P.J.Kavanagh on A Glastonbury Romance


In dimensions, and in plan, A Glastonbury Romance is the kind of large episodic book stuffed with characters that was common in the 1930s, like South Riding, like The Good Companions. It is set in the Glastonbury of its time, more or less. People fall in and out of love, Town Councils are elected, factories go bust, people discuss their troubles, a plot summary could make it sound deceptively ordinary. But it is different from all other books of this kind — I nearly said from all other books — because it goes beyond social description, and psychology (though it contains plenty of both) and ventures, with splendid unembarrassment, into the indefinable area of impulses and glimpses, of joys and horrors, of miracles, of gods and devils and energies and influences, that novelists understandably shy away from and leave to poor devils of poets. And he does this without losing grip of the story or trying to carry us so far he loses his grip on us. In short, while you are reading it it makes all other novels — all other novels — seem thin.

So why has nobody forced such a writer on our attention? The answer is that they have.  Angus Wilson said Powys would stand with Henry James, D.H. Lawrence and Joyce in the eyes of future critics. Henry Miller called A Glastonbury Romance unique in Eng­lish literature and couldn’t bear to come to the end of it. J.B. Priestley writes of Powys with the nearest approach to awe that is possible for a Yorkshireman, and Professor Wilson Knight says that we may expect his works to grow steadily in repute, until their stupendous qualities are known. Well, they haven’t grown, despite the eulogies of these very different men and many others. Powys is still little read. But before we try to think of reasons why, it might be useful to say a few words about the man.

He was born in 1872 in Derbyshire, the first of eleven children, and was the son of a well-to-do clergyman. When he was eight years old his father moved to Wessex and eventually to a village not far from Glastonbury. Two of his brothers were also writers, T.F. Powys and Llewelyn. The brothers were close and this perhaps gave rise to a public impression of an enclosed Powys circle into which only the initiate could penetrate. This is untrue as well as unfair.

John Cowper Powys began as a fairly typical poet of the 1890s, which is hard to imagine when we are faced with the Olympian sweep of A Glastonbury Romance, published when he was sixty-one, which sounds throughout as though a loquacious and unjudging god has found himself poised only a very few feet above the ground with a pen in his hand.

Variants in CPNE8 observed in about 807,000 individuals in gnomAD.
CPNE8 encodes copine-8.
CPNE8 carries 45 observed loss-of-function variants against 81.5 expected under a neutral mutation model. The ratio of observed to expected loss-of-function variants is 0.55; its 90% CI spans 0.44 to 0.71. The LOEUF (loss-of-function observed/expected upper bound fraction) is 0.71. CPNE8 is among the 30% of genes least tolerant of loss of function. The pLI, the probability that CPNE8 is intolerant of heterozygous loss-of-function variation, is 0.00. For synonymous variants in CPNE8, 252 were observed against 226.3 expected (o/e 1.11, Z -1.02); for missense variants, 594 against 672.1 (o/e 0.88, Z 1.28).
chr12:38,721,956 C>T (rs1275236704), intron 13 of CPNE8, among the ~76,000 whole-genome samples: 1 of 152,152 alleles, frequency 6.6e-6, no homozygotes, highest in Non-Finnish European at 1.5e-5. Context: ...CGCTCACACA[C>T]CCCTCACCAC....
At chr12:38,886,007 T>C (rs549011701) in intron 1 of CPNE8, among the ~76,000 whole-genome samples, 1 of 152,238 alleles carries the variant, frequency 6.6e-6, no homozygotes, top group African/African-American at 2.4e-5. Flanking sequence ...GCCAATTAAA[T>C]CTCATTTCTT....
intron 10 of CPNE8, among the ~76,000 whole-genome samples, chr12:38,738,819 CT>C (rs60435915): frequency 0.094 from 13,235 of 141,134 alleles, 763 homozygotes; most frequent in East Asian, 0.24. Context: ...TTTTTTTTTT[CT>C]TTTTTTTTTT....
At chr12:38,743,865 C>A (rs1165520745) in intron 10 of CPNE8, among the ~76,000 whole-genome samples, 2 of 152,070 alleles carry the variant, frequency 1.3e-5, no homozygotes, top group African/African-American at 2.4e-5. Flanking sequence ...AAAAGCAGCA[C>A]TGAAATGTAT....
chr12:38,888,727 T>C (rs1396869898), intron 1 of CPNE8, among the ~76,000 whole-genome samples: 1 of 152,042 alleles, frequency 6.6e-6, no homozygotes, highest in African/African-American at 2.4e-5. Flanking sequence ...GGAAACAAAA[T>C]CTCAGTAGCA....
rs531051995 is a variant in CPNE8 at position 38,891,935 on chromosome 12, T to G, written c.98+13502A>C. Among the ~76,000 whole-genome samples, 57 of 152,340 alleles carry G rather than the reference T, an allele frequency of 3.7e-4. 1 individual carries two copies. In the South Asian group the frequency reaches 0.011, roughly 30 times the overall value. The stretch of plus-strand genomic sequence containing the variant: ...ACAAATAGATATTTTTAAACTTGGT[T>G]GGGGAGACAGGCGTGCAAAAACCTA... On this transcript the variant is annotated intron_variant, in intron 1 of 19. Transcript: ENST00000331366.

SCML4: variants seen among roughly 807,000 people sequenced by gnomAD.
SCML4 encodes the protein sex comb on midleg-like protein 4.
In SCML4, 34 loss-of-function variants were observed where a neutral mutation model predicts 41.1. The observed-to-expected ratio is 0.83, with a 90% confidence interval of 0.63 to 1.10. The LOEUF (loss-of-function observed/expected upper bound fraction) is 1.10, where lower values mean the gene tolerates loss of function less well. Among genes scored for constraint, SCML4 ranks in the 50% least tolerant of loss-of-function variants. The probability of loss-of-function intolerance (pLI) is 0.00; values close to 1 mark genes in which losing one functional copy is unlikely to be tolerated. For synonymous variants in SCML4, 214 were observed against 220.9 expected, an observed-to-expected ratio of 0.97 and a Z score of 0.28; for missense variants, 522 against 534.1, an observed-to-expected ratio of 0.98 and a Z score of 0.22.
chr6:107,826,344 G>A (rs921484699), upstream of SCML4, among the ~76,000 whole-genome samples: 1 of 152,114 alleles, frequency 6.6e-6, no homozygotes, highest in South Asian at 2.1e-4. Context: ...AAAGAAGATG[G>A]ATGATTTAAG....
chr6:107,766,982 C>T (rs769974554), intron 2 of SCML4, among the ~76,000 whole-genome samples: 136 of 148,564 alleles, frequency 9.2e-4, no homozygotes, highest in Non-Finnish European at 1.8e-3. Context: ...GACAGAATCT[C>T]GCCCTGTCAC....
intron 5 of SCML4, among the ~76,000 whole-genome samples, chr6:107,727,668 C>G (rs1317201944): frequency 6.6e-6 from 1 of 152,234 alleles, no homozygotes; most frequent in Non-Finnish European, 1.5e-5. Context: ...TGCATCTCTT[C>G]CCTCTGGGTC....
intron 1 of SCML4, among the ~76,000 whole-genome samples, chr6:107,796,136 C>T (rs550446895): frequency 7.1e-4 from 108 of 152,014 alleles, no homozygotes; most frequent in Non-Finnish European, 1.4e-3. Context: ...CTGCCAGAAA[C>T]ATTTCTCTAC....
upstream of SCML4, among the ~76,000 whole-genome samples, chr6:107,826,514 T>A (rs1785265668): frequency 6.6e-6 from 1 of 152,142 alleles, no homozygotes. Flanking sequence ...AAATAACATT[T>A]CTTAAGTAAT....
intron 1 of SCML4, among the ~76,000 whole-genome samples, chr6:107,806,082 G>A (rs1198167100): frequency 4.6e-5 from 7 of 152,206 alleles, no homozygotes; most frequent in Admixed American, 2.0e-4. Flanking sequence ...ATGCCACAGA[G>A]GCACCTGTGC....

He had sixty pounds a year from his father, a wife and child to support, so he gave lectures. All his life he appears to have been without ordinary vanity; this had been cauterized perhaps by his experiences at school, where his gigantic appearance, his habit of slobbering his food and his untypical enthusiasms made him the butt of his companions, until one day he verbally turned on his tormentors and found he had the gift of utterance. So he became a lecturer. For thirty years he toured the United States - one-night stands, sleeping in trains, in cheap hotel rooms, speaking to few people sometimes, sometimes to thousands, improvising without a note, mainly on books: Homer, Dante, Rabelais, Dostoevsky. What his audiences of tin miners, city clerks, and suburban housewives made of him we cannot know; perhaps a great deal, because any contemporary account of those performances describes them as electrifying. He was half-moun­tebank and half-sage - a Holy Fool perhaps. The young Henry Miller attended one of these lectures and Powys immediately became his god and remained so to the end. Powys was often in great pain from stomach ulcers, exacerbated, presumably, by the unusual discomforts of his life and not helped by his nervous obsessions. He had mental torments as well as physical ones: detesting cruelty he found in himself tendencies towards sadism, or so he is constantly telling us. He was also a compulsive voyeur and haunted the burlesque shows of North America in an attempt to satisfy his endearing mania for female ankles. All this he con­fesses, cheerful as always, in his Autobiography, which J.B. Priestley is not alone in thinking the best in the language. It’s worth men­tioning what Priestley rightly finds one of the most interesting things about Powys: the way he cuts right across our daft contem­porary notion of the artist’s life. We are used to the idea of the artist burning himself up, destroying his life, for the sake of his art. Powys did the opposite, he cured himself through his art, cured both his illnesses and his obsessions. As soon as he began to write constantly in his fifties, and he never stopped again, his vigour and his happiness increased. He died full of both, aged ninety-one, in 1963, and Henry Miller visited him in Wales shortly before this and says he found the same wonderful being he had idolized in youth, only he had grown younger, healthier, gayer. I look with even more respect on work that could have such an effect on its author.